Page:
Most people don’t think about their garage doors until they break. While Wayne Dalton brand garage springs are known for their remarkable quality, they still need to be replaced from time to time. Before we go over how to replace one of these let’s learn a few things about these springs, with the help of Nabors Garage Doors Alpharetta, which does garage door repair near me.
What Are the Different Kinds of Garage Door Springs?
There is a large range of spring types and sub-types available, with most of them falling under one of two categories. There is the extension spring, which provides counterbalance weight to the door, and the torsion spring that use torque to raise your garage door.
Extension springs are typically located above the horizontal track on both sides of the door. As the name suggests, these springs extend to provide a counterbalancing force to support the door. The more force applied to the door, the more the spring expands.
The torsion spring is attached above the garage opening and slowly twists along a shaft. The more force is applied, either through a motor or by hand, the more the spring turns along the shaft. Torsion springs are typically more expensive but have superior lifting power.
The main line of Wayne Dalton garage door springs is the Torquemaster system, which is considered an improvement on the torsion spring system. This system incorporates additional springs inside the spring bar along with cable drums that attach to the bottom of the door.
What Should I Know Before I Get Started?
Garage door springs do the brunt of lifting when it comes to moving the garage door, and needless to say they are under a great deal of pressure. Improper installation can lead to this spring snapping, which can cause lacerations, gashes, and even death.
Make sure you have all the proper safety gear on before you even look at your garage door. Protective gloves can help you avoid cuts from jagged metal, and eye protection like glasses or goggles could save an eye.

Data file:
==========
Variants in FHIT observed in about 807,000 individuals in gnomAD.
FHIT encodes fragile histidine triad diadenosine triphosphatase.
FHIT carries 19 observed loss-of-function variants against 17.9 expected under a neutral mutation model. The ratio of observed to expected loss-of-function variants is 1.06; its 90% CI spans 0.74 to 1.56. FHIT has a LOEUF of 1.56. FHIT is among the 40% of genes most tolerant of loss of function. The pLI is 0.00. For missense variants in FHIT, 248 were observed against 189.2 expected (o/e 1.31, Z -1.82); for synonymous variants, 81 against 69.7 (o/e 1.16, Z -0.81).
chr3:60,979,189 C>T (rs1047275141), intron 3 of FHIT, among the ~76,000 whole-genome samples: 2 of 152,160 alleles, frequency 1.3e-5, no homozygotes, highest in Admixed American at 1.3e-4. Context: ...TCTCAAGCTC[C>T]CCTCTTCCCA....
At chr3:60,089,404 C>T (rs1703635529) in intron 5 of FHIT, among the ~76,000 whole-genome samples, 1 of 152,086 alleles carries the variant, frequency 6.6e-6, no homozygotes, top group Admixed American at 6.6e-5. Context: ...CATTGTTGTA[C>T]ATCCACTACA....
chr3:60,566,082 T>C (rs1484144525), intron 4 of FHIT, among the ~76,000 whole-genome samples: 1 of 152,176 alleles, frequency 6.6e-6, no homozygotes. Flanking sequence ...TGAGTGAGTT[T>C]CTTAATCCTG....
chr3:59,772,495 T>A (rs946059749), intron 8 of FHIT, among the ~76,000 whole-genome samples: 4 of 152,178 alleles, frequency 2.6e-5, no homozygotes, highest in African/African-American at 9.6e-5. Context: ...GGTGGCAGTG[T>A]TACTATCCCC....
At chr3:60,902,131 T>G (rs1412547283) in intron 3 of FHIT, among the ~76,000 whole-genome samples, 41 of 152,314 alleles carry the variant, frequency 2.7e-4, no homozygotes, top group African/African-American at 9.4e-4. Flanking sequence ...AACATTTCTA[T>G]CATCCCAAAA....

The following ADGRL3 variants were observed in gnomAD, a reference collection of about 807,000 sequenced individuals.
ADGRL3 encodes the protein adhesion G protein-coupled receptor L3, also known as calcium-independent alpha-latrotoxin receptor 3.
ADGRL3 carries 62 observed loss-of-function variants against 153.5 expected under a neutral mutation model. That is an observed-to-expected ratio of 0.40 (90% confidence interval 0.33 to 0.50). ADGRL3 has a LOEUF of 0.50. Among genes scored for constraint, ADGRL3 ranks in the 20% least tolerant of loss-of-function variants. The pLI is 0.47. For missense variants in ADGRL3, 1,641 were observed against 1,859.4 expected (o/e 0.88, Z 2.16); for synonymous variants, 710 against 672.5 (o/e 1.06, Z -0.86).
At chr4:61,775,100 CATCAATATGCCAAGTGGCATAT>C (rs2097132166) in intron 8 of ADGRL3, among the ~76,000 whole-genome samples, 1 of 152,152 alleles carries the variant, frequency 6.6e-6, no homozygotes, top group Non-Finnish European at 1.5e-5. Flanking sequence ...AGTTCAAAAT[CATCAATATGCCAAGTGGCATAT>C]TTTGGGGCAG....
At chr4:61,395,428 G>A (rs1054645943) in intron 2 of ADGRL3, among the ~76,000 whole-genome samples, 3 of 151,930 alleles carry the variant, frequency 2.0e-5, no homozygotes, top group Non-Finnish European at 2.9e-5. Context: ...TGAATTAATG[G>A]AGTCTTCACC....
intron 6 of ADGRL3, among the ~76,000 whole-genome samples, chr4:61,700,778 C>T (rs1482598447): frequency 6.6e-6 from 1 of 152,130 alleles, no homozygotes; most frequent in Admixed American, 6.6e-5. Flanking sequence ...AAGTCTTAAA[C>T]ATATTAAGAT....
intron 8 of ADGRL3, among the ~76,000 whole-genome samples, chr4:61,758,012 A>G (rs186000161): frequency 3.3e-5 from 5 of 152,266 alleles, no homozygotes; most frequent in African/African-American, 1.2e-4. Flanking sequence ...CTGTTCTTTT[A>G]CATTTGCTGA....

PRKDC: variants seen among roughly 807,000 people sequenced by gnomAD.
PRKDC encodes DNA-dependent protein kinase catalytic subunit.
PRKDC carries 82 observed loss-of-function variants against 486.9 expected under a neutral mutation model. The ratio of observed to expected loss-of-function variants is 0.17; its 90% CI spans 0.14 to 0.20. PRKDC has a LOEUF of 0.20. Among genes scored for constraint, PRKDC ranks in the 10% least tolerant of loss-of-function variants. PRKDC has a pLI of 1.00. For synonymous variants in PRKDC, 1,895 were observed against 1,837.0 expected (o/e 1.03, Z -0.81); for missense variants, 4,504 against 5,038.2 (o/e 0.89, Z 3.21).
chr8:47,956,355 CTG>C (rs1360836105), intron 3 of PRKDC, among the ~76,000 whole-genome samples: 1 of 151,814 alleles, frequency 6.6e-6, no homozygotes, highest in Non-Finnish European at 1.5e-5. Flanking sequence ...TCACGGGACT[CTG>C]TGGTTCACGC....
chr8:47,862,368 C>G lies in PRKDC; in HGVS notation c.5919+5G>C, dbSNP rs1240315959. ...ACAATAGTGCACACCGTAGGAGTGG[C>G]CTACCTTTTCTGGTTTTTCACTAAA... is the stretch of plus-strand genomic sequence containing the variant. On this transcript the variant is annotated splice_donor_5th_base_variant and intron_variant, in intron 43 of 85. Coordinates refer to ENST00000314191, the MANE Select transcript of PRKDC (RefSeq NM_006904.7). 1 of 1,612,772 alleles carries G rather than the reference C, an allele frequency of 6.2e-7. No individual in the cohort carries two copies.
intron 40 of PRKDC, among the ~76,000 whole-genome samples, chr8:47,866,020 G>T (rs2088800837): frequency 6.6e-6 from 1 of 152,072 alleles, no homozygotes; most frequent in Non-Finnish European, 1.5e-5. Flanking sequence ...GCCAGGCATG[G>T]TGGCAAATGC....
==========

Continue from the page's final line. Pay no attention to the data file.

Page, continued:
How Do I Replace My Garage Door Spring?
If we follow the official Wayne Dalton TorqueMaster guide, we will see we need to first remove the spring system. In the single variant, this is done by loosening the lock nut ¼ turn, which should reduce the spring tension of the cable.
If the cable isn’t getting looser, try using an electric drill with a 7/16” hex head to unwind the right hand winding bolt counterclockwise. The number of turns is determined by the height of the door. A 6’0 door is 14 turns, with an additional half turn for every 3”. For example, a 7’3 door would by 16 ½ turns.
Use a flat head screwdriver to pry the counter gear and counter assembly from the right-hand bracket. Then remove the upper and lower lag screws from the same bracket. You will probably need a pair of locking pliers to keep it steady. Remove the bracket carefully.
Before you get to the torque tube, you need to remove the other bracket following the same steps above. Once that is done, lift the torque tube on the right-hand side and slide the cable off of the drum and drape it on the flagangle. Do the same for the left-hand side.
To put on the replacement spring, slide the right-hand spring into the torque tube and then lift the tube assembly into the center bushing of the center bracket. Push the right cable drum over the winding shaft and align its groove with the radial notch on the flagangle. Do the same for the left side.
If things seem to be off, check the level of the tube and adjust it if necessary and then bend the center bracket over the center bushing. Then align the splines of the drive gear over the right-hand winding shaft and press on it until it seated against the flagangle. Do the same for the left-hand side.
To install the counter gear and counterbalance cables, first install that gear with the missing tooth side along the outside, away from the right-hand bracket. Align the “O” number on the cover assembly and press on to it until they lock into place. After this is done, adjust the counterbalance cables by rotating the cable drum.
To place the brackets, use an electric drill (not an impact gun) with a 7/16” hex head to rotate the winding bolts clockwise. Don’t tighten it all the way until you put the left bracket on too. Once attached, rotate the winding bolt 14 turns for a 6’0 door, and an additional half turn for every 3 inches.
If you are unfamiliar with tools and don’t feel comfortable replacing your Wayne Dalton garage spring turn to a professional to help you. To ensure that this spring is kept in good shape and nothing happens to your garage door, get it serviced regularly.